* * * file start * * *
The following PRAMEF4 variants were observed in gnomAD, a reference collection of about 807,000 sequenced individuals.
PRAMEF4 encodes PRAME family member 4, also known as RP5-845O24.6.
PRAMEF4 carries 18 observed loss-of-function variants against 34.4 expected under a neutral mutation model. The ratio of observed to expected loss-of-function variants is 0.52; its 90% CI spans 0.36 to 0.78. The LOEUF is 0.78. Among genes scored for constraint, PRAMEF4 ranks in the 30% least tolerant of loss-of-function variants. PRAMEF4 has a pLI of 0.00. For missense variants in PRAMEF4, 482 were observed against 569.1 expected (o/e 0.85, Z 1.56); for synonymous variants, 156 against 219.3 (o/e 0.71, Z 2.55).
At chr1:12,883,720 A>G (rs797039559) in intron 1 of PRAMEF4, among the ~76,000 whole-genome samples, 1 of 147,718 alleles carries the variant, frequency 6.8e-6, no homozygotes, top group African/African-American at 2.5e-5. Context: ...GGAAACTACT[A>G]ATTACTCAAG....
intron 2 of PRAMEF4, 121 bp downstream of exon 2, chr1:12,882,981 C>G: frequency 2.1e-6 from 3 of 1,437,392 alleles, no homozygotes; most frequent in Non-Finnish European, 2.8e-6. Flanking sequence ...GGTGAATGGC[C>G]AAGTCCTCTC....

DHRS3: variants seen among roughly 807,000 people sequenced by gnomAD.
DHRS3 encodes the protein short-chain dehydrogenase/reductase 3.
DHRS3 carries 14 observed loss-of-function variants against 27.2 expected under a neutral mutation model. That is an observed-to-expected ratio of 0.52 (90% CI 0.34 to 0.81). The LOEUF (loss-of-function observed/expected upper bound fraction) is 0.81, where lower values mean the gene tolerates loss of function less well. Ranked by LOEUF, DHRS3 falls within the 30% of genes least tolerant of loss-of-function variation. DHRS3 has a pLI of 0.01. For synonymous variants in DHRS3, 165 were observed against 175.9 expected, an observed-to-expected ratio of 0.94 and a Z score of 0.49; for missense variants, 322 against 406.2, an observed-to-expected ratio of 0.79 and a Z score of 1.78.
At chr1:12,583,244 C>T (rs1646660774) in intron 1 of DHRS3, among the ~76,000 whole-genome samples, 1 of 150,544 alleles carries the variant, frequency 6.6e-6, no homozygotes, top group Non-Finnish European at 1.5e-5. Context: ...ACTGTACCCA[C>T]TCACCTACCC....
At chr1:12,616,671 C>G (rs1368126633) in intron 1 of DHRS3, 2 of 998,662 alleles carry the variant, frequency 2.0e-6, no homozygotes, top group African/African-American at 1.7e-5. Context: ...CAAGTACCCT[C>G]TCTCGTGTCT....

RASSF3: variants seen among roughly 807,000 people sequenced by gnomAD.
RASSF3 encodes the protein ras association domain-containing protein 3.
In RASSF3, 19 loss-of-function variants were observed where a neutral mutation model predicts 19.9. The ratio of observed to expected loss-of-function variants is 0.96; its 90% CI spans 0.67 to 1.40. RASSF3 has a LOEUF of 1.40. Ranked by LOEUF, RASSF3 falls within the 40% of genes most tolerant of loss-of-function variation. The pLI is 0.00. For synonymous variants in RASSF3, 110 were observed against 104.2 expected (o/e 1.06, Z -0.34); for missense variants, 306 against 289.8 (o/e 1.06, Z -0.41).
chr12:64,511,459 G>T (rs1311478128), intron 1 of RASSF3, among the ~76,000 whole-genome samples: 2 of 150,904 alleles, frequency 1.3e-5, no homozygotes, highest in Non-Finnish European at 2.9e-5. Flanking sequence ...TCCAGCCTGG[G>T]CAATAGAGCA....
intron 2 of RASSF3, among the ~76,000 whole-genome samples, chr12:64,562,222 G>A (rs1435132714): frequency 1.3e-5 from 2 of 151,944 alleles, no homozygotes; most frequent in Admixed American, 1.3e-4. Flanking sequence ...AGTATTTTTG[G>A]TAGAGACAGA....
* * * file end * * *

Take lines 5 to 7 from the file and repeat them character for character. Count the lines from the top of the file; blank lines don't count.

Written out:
intron 2 of PRAMEF4, 121 bp downstream of exon 2, chr1:12,882,981 C>G: frequency 2.1e-6 from 3 of 1,437,392 alleles, no homozygotes; most frequent in Non-Finnish European, 2.8e-6. Flanking sequence ...GGTGAATGGC[C>G]AAGTCCTCTC....

DHRS3: variants seen among roughly 807,000 people sequenced by gnomAD.
DHRS3 encodes the protein short-chain dehydrogenase/reductase 3.